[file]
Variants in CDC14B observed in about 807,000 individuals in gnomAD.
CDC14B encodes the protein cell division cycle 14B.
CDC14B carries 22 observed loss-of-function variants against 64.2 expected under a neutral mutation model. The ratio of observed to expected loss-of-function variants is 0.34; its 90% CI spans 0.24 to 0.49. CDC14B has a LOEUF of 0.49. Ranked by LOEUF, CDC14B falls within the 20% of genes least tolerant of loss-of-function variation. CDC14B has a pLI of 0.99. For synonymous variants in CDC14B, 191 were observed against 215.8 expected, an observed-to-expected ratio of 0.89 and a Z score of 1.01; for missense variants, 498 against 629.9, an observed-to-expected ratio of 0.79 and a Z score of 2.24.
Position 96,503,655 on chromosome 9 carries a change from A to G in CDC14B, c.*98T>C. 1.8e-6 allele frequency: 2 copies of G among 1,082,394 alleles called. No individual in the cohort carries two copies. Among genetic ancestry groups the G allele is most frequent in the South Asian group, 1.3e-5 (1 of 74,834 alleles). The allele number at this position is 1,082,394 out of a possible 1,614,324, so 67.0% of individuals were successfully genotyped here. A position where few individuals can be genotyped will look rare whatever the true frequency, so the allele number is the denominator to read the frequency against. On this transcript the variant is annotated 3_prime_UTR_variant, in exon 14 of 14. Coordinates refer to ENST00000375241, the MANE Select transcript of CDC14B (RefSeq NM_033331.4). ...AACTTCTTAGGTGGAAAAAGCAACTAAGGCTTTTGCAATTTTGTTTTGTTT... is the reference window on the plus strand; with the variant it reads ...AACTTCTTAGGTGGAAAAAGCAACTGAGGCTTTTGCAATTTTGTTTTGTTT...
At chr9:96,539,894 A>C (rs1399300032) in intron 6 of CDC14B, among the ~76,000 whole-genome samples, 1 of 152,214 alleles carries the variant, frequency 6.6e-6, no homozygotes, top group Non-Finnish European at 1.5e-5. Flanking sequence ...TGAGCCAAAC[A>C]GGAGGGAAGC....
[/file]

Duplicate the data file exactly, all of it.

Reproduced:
Variants in CDC14B observed in about 807,000 individuals in gnomAD.
CDC14B encodes the protein cell division cycle 14B.
CDC14B carries 22 observed loss-of-function variants against 64.2 expected under a neutral mutation model. The ratio of observed to expected loss-of-function variants is 0.34; its 90% CI spans 0.24 to 0.49. CDC14B has a LOEUF of 0.49. Ranked by LOEUF, CDC14B falls within the 20% of genes least tolerant of loss-of-function variation. CDC14B has a pLI of 0.99. For synonymous variants in CDC14B, 191 were observed against 215.8 expected, an observed-to-expected ratio of 0.89 and a Z score of 1.01; for missense variants, 498 against 629.9, an observed-to-expected ratio of 0.79 and a Z score of 2.24.
Position 96,503,655 on chromosome 9 carries a change from A to G in CDC14B, c.*98T>C. 1.8e-6 allele frequency: 2 copies of G among 1,082,394 alleles called. No individual in the cohort carries two copies. Among genetic ancestry groups the G allele is most frequent in the South Asian group, 1.3e-5 (1 of 74,834 alleles). The allele number at this position is 1,082,394 out of a possible 1,614,324, so 67.0% of individuals were successfully genotyped here. A position where few individuals can be genotyped will look rare whatever the true frequency, so the allele number is the denominator to read the frequency against. On this transcript the variant is annotated 3_prime_UTR_variant, in exon 14 of 14. Coordinates refer to ENST00000375241, the MANE Select transcript of CDC14B (RefSeq NM_033331.4). ...AACTTCTTAGGTGGAAAAAGCAACTAAGGCTTTTGCAATTTTGTTTTGTTT... is the reference window on the plus strand; with the variant it reads ...AACTTCTTAGGTGGAAAAAGCAACTGAGGCTTTTGCAATTTTGTTTTGTTT...
At chr9:96,539,894 A>C (rs1399300032) in intron 6 of CDC14B, among the ~76,000 whole-genome samples, 1 of 152,214 alleles carries the variant, frequency 6.6e-6, no homozygotes, top group Non-Finnish European at 1.5e-5. Flanking sequence ...TGAGCCAAAC[A>C]GGAGGGAAGC....